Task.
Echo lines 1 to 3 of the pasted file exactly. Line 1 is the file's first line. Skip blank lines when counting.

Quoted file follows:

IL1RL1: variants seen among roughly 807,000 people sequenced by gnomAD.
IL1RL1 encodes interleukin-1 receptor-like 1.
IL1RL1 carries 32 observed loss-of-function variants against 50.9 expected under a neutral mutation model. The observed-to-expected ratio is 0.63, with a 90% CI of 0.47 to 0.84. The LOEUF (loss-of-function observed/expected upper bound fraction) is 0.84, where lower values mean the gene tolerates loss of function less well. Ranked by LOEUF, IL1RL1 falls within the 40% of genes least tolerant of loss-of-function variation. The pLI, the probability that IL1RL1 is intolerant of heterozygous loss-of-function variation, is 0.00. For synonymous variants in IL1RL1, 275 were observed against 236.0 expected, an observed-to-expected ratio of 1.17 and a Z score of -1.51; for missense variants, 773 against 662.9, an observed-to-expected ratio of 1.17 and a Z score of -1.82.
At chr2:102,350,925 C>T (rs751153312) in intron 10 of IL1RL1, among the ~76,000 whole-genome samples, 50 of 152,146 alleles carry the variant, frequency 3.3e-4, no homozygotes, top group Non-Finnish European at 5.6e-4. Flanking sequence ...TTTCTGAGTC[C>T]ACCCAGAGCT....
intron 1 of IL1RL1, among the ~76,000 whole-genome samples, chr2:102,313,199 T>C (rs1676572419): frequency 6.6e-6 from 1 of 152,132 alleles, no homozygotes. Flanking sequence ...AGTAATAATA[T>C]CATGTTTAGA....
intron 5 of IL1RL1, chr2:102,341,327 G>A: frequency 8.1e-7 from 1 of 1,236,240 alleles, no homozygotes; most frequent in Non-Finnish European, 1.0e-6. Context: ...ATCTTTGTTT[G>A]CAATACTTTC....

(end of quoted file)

IL1RL1: variants seen among roughly 807,000 people sequenced by gnomAD.
IL1RL1 encodes interleukin-1 receptor-like 1.
IL1RL1 carries 32 observed loss-of-function variants against 50.9 expected under a neutral mutation model. The observed-to-expected ratio is 0.63, with a 90% CI of 0.47 to 0.84. The LOEUF (loss-of-function observed/expected upper bound fraction) is 0.84, where lower values mean the gene tolerates loss of function less well. Ranked by LOEUF, IL1RL1 falls within the 40% of genes least tolerant of loss-of-function variation. The pLI, the probability that IL1RL1 is intolerant of heterozygous loss-of-function variation, is 0.00. For synonymous variants in IL1RL1, 275 were observed against 236.0 expected, an observed-to-expected ratio of 1.17 and a Z score of -1.51; for missense variants, 773 against 662.9, an observed-to-expected ratio of 1.17 and a Z score of -1.82.